Muslims all over the world host dinners called iftars to break their daily fasts during the month of Ramadan. They’re held at restaurants and in private homes. One Muslim couple living in Atlanta mix West African traditions from their native Guinea with Muslim rituals for Ramadan.
It’s 6 p.m. on a Saturday evening, and Abdel Camara and his wife, Housseinatou, are surrounded by pots and pans.
“We’re in my apartment getting ready to host my annual iftar,” he says, as his wife Housseinatou sits on the floor preparing food.
They’re expecting between 30 and 40 people.
“I’m not 100 percent sure yet. Thirty people are confirmed!” he says. “We’re going to have couscous, Moroccan couscous. We’re going to have something called attiéké. It’s specific to West Africa.”
Housseinatou and her sister, Nafi, are making the sauce for the attiéké, which they grew up eating in Guinea. It’s a mix of onions, tomatoes, cucumbers, vegetable oil and vinegar.
They debate – in English and their native tongue, Mandingo -- how to say the dish’s main ingredient. Is it a yam? Housseinatou and Abdel say no but Nafi says yes.
“It’s not yam. This is a yam,” Housseinatou says, holding up a yam. “Let me find the name.”
Housseinatou Googles the English translation for the root vegetable they’re cooking.
“It’s cassava!” she shouts. “It’s cassava. We also eat a lot of cassava in West Africa.”
She’s already cut the onions for the dish. Now it’s time for something called Maggi cube.
“She’s going to put some oil on that and then this thing,” Nafi explains, holding up what looks like a bullion cube. “It’s called Maggi cube. It’s seasoning. It’s from Africa. It’s salty. We put it on everything.”
The trio wraps up dinner preparation, as friends begin to arrive. Abdel covers the dishes with aluminum foil and starts taking them down to the common room in the basement where they will host the iftar.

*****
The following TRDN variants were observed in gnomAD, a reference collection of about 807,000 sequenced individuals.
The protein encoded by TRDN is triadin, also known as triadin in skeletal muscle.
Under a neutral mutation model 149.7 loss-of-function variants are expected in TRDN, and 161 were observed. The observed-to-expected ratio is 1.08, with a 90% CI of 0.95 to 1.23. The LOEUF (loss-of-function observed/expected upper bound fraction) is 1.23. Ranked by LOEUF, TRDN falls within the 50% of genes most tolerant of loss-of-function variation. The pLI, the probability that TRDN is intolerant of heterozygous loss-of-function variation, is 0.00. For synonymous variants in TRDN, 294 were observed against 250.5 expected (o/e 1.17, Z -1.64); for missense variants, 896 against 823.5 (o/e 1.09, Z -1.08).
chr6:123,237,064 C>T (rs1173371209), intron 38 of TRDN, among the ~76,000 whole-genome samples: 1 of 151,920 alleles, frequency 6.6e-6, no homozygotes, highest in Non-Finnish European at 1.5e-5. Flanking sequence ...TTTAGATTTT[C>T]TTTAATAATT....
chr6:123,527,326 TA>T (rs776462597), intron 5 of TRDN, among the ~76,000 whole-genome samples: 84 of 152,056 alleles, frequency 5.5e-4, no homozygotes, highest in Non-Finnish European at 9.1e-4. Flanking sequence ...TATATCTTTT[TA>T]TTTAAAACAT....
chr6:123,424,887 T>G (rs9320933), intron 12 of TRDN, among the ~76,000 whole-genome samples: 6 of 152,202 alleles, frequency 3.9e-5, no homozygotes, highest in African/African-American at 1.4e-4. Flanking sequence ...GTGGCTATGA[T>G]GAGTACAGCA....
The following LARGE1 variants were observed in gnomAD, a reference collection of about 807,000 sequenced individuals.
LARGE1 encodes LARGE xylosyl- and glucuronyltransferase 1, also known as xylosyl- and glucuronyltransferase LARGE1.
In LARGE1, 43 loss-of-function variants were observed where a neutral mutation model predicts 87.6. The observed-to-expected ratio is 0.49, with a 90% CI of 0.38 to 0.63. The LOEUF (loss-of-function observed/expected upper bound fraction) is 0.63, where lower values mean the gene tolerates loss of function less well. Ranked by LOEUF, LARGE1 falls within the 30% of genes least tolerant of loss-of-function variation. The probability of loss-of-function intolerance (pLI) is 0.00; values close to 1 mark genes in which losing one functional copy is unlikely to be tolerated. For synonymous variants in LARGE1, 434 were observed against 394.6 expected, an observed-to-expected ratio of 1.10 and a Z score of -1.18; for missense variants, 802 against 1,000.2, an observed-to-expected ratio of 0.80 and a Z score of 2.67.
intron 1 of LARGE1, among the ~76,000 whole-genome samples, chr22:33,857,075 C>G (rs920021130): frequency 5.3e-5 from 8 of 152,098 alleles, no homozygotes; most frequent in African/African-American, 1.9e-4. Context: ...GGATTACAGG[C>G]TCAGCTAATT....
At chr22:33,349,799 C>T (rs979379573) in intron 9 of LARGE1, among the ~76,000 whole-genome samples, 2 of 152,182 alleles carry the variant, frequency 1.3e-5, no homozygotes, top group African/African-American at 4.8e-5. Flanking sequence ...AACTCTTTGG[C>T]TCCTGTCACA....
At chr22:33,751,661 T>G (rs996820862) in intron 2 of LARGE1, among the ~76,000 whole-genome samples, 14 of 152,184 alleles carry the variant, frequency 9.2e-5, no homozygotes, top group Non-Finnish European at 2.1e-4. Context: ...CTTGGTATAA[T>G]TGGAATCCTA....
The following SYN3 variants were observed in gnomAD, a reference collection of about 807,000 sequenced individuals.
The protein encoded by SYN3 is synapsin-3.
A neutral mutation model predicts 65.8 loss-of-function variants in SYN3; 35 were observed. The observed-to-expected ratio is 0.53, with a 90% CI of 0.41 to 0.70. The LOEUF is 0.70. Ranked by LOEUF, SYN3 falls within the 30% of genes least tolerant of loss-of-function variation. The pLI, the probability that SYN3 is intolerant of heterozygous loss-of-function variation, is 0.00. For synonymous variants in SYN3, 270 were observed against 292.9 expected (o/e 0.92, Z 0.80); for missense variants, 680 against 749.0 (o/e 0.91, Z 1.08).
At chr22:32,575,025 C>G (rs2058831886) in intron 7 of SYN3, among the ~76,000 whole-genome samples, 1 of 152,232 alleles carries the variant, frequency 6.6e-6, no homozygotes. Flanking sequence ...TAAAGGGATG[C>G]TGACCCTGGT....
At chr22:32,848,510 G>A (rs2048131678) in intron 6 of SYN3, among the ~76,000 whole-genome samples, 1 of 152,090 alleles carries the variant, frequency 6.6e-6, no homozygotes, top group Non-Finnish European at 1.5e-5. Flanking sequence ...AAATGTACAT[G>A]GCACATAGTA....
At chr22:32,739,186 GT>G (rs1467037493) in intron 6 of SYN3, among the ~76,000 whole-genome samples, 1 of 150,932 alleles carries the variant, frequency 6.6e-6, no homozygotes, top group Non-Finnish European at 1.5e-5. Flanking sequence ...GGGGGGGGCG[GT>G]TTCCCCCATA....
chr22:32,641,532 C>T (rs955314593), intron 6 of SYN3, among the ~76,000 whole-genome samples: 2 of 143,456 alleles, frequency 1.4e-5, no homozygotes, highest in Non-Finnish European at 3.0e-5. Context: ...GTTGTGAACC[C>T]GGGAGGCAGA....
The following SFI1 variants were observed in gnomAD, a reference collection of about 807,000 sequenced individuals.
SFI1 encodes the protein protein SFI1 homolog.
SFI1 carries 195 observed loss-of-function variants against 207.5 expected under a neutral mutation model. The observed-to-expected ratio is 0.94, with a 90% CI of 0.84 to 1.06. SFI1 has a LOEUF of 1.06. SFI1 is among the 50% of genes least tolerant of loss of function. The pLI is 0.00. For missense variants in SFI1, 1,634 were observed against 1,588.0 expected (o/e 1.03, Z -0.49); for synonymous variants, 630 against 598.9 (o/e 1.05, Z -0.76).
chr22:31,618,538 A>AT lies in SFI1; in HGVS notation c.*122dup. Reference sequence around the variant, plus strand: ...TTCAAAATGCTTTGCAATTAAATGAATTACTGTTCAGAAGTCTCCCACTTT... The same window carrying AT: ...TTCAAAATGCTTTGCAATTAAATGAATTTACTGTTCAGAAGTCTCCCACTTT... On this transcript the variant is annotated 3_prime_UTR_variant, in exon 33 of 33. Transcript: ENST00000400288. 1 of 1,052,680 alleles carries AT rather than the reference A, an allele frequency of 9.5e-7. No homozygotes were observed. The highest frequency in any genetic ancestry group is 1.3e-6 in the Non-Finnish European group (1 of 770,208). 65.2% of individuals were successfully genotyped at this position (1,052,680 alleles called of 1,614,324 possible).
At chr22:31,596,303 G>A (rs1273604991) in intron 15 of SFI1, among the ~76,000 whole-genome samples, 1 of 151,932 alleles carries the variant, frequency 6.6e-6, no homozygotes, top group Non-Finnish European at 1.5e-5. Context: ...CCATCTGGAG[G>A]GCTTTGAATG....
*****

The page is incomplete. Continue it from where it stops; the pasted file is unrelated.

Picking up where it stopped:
Finally, after 14 hours without food or drink, Abdel says it’s time to break the fast. Or is it?
“It’s time right? Can someone confirm?” he says to friends in the common room.
“No, it’s not time,” a friend shouts.
“My phone tells me it’s time,” Abdel says.
“No, we got one minute. One minute.”
Alright, so that was a false alarm! But now it’s time. Really.
“It’s time! It’s time!” Abdel shouts above the din in the common room.
Now the Camaras and their guests can eat. Abdel makes his way through the buffet and takes a little bit of everything.
“This is the couscous, a traditional Moroccan dish. Start with that. Some eggs,” he says. “We’ll also have a little bit of the attiéké that we made earlier. This is my favorite: the fried plantains. That’s what I eat a lot of. Grilled steaks – traditionally this is what goes on top of the couscous. And then my other favorite dish: the tilapia. And the some grilled chicken. I think I have a little bit of everything now.”
Abdel’s plate is heaving. But his eyes may be bigger than his stomach.
“You can’t have too much of anything because your stomach is really small,” he says.
Abdel sits down and digs in. Next up: dessert. And then some rest.